Over time, our consumption habits lead to environmental harm – we pollute oceans and landfills with plastics from our beverages. The Ellen MacArthur Foundation revealed that 8 million tonnes of plastic, worth billions of dollars, ends up as pollutants every year. Moving forward, if we don’t want to harm the planet, we must seek sustainable alternatives. According to market insights, paper bottles are a leading contender to replace single-use plastic. Big brands like Coca-Cola, Carlsberg, Absolut-Vodka, PepsiCo, and L’Oreal are shifting to paper packaging, to satisfy eco-conscious consumption and plastic-free resolutions. However, there is a problem – paper is made from trees!
Experts suggest—we need significantly more paper to achieve the same function as plastic packaging. Meaning, if the demand for paper bottles increases significantly, it will require a large supply of trees, which could lead to deforestation and increasing CO2 emissions. This means that in addition to eco-conscious consumption, the use of paper bottles requires that we are responsible consumers.
What makes a paper bottle?
Paper bottles consist of sturdy fibres and plant-based PEF polymer lining. This coating keeps the inside firm, serving as a protective layer to prevent paper from having contact with liquids. The design involves materials that are compatible with plastic recycling systems and can degrade into nature if they end up in landfills. Although there are paper bottles made with plastic-PET lining, a more sustainable choice is the PEF-lined ones because they are 100% biomatter and plant-based, which makes them much better for the planet.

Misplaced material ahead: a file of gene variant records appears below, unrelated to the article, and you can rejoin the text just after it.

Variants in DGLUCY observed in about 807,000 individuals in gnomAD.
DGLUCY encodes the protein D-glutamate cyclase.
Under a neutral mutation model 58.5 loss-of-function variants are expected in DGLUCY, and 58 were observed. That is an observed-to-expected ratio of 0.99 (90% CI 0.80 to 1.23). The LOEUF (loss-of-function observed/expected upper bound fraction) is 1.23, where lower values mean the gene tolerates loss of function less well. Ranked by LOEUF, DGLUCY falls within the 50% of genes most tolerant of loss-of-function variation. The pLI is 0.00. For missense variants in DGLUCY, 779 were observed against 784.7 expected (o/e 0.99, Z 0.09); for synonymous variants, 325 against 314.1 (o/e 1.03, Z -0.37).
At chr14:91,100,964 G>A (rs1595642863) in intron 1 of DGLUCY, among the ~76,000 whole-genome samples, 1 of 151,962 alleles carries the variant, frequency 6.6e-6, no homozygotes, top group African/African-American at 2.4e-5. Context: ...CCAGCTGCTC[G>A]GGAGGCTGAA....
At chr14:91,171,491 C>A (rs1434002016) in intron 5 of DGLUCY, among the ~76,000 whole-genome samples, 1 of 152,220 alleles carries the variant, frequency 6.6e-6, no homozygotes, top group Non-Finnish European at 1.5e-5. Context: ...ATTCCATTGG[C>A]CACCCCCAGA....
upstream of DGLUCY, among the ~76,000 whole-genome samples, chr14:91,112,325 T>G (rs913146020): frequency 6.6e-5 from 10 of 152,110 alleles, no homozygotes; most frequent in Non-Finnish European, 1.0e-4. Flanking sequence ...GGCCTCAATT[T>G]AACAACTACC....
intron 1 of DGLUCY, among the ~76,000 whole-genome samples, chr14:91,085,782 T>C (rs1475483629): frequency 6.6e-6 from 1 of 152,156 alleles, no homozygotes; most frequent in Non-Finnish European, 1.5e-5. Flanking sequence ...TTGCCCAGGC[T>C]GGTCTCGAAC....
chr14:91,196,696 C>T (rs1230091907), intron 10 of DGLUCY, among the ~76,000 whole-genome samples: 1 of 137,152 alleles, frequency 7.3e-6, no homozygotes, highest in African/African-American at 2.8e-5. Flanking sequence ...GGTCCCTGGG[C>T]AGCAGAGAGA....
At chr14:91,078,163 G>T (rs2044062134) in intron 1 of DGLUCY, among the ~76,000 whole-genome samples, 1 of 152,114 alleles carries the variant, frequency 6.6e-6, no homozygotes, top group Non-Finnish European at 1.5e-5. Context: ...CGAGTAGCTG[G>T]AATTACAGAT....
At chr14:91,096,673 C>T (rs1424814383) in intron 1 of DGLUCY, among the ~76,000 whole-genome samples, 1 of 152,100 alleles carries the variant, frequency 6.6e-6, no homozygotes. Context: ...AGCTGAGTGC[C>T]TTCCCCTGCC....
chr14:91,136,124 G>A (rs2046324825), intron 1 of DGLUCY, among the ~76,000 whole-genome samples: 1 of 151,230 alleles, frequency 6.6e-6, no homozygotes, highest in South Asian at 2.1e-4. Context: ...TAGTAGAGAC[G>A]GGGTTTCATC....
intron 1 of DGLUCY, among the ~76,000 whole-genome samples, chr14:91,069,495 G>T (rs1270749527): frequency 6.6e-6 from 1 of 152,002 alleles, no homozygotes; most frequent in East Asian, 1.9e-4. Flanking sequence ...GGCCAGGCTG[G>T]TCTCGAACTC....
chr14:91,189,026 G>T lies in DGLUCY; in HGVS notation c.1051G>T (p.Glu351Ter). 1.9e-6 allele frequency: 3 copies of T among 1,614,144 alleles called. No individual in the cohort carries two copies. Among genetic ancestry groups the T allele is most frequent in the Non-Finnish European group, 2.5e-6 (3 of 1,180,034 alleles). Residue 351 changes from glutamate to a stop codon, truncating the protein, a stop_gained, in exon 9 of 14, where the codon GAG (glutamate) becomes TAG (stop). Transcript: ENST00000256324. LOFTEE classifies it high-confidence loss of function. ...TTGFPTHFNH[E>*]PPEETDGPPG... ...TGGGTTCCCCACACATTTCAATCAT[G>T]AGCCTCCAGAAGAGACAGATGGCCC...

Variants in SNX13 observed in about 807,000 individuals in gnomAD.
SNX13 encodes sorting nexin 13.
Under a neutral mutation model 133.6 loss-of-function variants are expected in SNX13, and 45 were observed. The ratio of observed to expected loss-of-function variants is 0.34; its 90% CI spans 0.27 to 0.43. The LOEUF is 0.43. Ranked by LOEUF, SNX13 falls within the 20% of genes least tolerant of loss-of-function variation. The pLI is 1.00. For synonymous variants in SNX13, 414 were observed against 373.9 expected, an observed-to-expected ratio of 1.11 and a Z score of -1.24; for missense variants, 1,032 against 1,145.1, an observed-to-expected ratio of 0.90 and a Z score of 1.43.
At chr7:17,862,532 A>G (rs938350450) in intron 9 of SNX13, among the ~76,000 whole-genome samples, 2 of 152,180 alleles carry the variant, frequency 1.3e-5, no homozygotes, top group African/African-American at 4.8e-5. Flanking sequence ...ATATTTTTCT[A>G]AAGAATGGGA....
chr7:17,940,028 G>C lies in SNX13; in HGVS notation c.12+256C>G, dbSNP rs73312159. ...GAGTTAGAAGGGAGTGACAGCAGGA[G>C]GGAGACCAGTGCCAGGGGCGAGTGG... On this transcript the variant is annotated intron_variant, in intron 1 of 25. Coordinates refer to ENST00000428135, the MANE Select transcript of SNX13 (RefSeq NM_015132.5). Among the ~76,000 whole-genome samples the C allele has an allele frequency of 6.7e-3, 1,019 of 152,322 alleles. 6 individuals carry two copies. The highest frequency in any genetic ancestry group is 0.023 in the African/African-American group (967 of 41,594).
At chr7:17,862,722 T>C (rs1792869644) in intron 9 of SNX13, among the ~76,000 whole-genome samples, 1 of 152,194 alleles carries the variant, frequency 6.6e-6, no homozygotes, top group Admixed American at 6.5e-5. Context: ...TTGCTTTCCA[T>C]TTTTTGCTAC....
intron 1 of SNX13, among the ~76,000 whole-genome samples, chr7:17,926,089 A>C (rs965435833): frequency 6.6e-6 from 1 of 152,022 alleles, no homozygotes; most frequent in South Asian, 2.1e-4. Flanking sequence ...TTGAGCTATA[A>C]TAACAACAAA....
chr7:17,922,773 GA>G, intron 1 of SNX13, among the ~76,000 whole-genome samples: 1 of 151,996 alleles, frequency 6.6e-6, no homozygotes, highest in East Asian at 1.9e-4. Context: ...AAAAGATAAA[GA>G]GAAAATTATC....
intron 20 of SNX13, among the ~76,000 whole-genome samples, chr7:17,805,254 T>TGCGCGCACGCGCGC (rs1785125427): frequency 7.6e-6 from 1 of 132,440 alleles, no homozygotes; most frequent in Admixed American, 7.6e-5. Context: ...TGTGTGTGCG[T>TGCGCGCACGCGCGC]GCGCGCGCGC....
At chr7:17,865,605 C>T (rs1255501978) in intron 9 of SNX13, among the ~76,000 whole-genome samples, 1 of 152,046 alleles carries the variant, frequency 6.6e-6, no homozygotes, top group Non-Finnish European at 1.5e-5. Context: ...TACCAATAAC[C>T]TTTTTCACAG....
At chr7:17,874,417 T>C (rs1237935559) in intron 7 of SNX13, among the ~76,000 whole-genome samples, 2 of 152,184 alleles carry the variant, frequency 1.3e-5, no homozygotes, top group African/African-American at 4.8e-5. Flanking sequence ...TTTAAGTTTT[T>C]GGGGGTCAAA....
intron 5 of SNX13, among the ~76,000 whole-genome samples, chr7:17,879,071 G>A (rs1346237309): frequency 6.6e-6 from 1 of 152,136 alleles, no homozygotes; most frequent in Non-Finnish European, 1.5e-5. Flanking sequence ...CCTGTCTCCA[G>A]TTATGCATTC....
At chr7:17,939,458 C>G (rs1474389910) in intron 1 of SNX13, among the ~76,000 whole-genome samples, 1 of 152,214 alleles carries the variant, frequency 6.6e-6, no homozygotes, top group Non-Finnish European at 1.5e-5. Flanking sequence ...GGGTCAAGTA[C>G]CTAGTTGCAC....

Life Cycle Assessment, Reusability and Recycling of Paper Bottles
Reusing a paper bottle depends on its design, material characteristics, and consumer practices. With these requirements in mind, manufacturers have had to make compromises. Opting to develop hard, moulded paper shells with linings to keep the liquids from leaking or damaging the bottle. These refillable designs, durable coatings, and rigorous testing allow them to be reused and recycled multiple times. Extending their useful life and reducing the demand for new bottles.
When reusing paper bottles, they should only be refilled with compatible liquids intended for consumption or storage. It’s advisable to avoid substances that might compromise the integrity of the lining or the safety of its contents. Proper handling of paper bottles requires that you observe best practices as a consumer. It’s imperative to prevent the paper from getting soiled, as excessive moisture contact could damage and deter the bottles’ durability. You have to inspect the protective lining for leaks or tears as this will render the bottle useless. Additionally, it’s good to not subject paper bottles to extreme heat or direct sunlight to preserve the effectiveness of the liner and overall usage.
When cleaning, gentle and non-abrasive methods are encouraged to maintain the structural integrity of the outer fibre. Cleaning solutions that are naturally derived, can be used to remove dirt and wipe the inside, as they are considered compatible with PEF-lining. At the end of usage, responsible disposal through the appropriate recycling channel and procedure paves the way for a circular economy.